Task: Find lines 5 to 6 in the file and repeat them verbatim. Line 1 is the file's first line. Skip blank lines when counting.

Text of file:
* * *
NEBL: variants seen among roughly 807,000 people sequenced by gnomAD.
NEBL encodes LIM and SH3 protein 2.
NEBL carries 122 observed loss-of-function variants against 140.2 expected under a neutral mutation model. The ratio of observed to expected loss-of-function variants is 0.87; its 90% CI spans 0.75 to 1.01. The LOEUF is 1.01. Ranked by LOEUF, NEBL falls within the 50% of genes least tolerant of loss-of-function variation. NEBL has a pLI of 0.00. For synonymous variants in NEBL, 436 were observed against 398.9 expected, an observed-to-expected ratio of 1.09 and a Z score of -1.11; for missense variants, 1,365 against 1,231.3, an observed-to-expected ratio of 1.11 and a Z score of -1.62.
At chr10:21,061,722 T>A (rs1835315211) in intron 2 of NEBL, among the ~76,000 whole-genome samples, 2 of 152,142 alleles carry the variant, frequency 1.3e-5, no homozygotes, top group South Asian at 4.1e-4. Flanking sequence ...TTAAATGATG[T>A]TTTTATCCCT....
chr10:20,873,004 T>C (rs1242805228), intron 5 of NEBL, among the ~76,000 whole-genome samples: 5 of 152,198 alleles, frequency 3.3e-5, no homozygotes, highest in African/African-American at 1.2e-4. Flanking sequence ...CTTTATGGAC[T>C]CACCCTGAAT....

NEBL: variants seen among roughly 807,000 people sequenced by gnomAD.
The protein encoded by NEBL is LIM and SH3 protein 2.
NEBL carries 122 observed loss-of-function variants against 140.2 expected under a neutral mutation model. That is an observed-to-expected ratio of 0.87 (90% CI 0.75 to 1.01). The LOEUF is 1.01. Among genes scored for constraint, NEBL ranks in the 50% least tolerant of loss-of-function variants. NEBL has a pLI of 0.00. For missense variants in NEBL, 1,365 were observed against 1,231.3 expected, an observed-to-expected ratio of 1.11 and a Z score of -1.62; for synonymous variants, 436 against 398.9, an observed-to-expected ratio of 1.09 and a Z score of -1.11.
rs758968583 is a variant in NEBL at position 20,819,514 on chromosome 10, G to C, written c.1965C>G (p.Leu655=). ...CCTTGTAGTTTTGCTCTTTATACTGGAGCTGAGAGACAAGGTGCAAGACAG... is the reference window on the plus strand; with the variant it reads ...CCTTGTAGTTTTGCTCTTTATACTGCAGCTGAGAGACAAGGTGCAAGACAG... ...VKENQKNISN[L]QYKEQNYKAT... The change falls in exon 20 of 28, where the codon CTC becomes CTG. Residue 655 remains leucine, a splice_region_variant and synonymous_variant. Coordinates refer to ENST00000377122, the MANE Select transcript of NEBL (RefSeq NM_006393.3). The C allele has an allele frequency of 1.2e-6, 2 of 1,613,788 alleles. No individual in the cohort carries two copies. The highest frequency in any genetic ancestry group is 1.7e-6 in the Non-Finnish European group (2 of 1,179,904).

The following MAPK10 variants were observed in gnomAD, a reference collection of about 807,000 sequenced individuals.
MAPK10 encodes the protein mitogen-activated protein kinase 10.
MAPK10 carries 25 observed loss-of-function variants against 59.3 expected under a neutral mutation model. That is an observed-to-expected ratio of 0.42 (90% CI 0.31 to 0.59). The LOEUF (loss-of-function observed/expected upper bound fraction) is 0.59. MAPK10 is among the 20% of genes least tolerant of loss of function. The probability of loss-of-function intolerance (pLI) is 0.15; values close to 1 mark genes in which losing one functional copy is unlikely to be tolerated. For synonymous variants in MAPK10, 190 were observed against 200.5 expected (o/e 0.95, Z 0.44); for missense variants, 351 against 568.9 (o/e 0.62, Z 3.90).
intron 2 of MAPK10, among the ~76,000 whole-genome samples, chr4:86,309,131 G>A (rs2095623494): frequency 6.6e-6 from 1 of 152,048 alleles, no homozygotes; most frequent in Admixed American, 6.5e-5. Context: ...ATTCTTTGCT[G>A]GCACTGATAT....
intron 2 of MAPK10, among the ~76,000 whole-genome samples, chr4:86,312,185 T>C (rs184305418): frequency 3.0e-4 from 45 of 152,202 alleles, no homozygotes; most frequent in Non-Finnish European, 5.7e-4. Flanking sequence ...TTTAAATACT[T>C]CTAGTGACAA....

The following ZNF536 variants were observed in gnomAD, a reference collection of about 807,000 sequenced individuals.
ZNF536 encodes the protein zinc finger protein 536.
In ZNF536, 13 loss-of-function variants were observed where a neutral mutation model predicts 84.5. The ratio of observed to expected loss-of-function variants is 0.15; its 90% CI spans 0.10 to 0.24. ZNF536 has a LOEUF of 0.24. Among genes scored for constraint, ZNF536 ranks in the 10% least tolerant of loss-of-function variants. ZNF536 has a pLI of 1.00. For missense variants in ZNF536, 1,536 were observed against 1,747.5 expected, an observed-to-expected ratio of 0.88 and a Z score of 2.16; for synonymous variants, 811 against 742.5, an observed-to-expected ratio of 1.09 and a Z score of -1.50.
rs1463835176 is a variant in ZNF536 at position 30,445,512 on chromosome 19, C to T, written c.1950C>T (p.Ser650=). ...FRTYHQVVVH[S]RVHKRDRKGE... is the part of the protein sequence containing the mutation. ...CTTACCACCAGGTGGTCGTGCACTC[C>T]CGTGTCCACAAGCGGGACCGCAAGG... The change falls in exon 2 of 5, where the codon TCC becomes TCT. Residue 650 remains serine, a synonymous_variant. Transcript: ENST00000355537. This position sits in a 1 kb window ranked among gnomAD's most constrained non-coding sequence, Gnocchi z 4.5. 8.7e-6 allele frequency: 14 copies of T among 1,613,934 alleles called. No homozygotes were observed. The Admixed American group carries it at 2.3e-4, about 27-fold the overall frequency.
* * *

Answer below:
chr10:20,873,004 T>C (rs1242805228), intron 5 of NEBL, among the ~76,000 whole-genome samples: 5 of 152,198 alleles, frequency 3.3e-5, no homozygotes, highest in African/African-American at 1.2e-4. Flanking sequence ...CTTTATGGAC[T>C]CACCCTGAAT....

NEBL: variants seen among roughly 807,000 people sequenced by gnomAD.